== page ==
RecentNews\nTheIntroduction\nJPEG2000Parts\nJPEG2000FileFormats\nJPEG2000Compliance\nJPEG2000Literature\nOther Pages:\n[[JPEG2000Adoption|jpeg2000adoption.html]]\n[[JPEG2000BrowserSupport|jpeg2000browser.html]]\n[[Michael Gormish|index.html]]
Most of the JPEG 2000 standards are "joint" standards and thus available from both the [[ISO|]] and the [[ITU|]] not only that but these organizations have "tag" groups in the member nations that may provide access to the standards ([[ANSI|]] in the United States). The bad news is that most of the standards are expensive (cost is based on number of pages in some cases). Those working on the committee always want the standards to be available for free, and some of the JPEG ones are, but many are not.\n\nHowever, the ITU has a program to let you "try out" their [[store|]]. You can register and receive up to three standards for free.\n\nThe compliance standard for JPEG 2000 (Part 4) is (was) freely available. You can get the text standard from the [[sorry this link is broken let me know if you know a replacement|]] and the test files to go with it from [[my website|]]
I've redone this page as a [[tiddlywiki|]] to make it easier to update. The [[JPEG2000Adoption|jpeg2000adoption.html]] material has been moved to it's own page and is now searchable by category, the tests for [[JPEG2000BrowserSupport|jpeg2000browser.html]] are also on another page leaving JPEG2000Compliance, JPEG2000FileFormats, JPEG2000Parts, and JPEG2000Literature for this page.\n\nI've slipped to somewhere in the 30s on google's JPEG 2000 list, deservedly so as I let the information fall way out of date. If you find this page useful, please link to it, so I can regain my rating. If you want to be listed on one of my pages send me ([[Michael Gormish|index.html]]) an email from a human!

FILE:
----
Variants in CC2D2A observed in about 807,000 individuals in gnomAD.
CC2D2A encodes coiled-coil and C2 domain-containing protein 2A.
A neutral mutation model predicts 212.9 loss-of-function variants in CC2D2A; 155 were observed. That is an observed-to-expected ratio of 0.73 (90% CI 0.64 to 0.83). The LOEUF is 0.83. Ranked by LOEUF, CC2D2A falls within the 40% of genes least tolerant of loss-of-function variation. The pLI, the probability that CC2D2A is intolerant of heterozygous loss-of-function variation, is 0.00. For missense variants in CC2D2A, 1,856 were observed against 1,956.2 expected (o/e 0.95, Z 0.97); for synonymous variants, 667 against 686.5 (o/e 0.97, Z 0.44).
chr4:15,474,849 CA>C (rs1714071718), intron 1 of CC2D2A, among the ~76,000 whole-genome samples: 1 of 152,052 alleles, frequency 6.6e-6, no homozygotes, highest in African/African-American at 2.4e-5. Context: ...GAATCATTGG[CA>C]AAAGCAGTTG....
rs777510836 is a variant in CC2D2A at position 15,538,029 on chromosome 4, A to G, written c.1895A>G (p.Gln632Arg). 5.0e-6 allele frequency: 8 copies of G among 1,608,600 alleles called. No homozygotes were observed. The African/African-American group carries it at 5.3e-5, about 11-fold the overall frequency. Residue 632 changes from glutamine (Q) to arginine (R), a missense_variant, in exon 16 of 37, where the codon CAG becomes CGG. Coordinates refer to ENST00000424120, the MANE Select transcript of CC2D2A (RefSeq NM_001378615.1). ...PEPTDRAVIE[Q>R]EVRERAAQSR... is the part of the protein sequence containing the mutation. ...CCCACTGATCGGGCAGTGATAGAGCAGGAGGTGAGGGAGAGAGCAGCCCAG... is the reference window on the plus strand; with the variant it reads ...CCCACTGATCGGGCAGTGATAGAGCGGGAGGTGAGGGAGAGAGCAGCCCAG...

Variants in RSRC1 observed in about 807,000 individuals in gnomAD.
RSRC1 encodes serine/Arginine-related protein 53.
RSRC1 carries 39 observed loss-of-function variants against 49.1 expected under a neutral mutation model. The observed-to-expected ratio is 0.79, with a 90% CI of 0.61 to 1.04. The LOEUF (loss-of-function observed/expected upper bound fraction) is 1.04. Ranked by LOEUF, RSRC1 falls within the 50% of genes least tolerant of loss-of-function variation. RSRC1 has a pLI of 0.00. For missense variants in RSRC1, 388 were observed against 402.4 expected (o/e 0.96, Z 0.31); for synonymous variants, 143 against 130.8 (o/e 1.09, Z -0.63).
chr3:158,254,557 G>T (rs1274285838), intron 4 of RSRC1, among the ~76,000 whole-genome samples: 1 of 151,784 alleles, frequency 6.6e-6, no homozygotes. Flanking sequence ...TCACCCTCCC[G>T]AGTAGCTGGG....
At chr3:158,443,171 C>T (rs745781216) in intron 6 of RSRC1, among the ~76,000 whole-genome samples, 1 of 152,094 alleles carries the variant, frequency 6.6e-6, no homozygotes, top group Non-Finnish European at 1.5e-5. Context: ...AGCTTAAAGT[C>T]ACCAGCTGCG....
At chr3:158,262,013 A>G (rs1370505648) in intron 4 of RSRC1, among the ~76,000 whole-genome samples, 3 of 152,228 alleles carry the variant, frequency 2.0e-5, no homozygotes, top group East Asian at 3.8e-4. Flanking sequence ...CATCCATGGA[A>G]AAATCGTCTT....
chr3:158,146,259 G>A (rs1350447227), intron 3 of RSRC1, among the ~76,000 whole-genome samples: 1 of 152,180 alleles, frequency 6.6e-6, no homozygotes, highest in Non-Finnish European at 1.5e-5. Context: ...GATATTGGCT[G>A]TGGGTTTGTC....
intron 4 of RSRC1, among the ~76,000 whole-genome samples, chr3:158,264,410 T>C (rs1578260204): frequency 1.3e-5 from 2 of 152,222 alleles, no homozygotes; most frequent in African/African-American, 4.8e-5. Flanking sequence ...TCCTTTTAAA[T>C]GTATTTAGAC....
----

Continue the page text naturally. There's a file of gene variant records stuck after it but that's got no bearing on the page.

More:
Gormish Notes on the family of standards and it's usage
JPEG 2000
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On January 2, 2001 JPEG 2000 Image Compression System: Part I Core Coding System passed the vote to become ISO/IEC 15444-1 i.e. an international standard. It is also ~ITU-T Rec. T.800 and thus a "joint" international standard.\n\nThe official JPEG web site is [[|]]. It contains a copy of the [[Final Committee Draft (FCD)|]] of JPEG 2000 (and drafts of other parts). Note however that there were some technical changes between this draft and the final standard, see ObtainingStandards to get the text of the real standard.\n\nJPEG 2000 offers new ways to deal with compressed images. With JPEG2000 it is possible to extract various resolutions, qualities, components, or spatial regions without decompressing the entire file. New imaging workflows (especially internet imaging) will be enabled by the features of the new standard. Of course rate distortion\nperformance will be improved over the original JPEG standard especially at extremely low bit-rates and at extremely high quality setting (including lossless). I argue JPEG 2000 will be useful for those who need the features in my [[Worth the Wait?|]] paper.\n \nJPEG 2000 uses a wavelet transform and a bit-plane entropy coder to provide state-of-the-art compression. The features are similar to those of [[CREW|]], but the internals are fairly different.\n\nI think that currently the most exciting thing happening committee wise is JPIP (JPEG 2000 Interactive Protocol). Essentially this part of the standard defines a standard way to access a JPEG 2000 file over a network, making the features of JPEG 2000 much more useable.\n\nThe JPEG committee is now also working on "JP-Search" and an "Advanced Image Codec."\n\n \n \n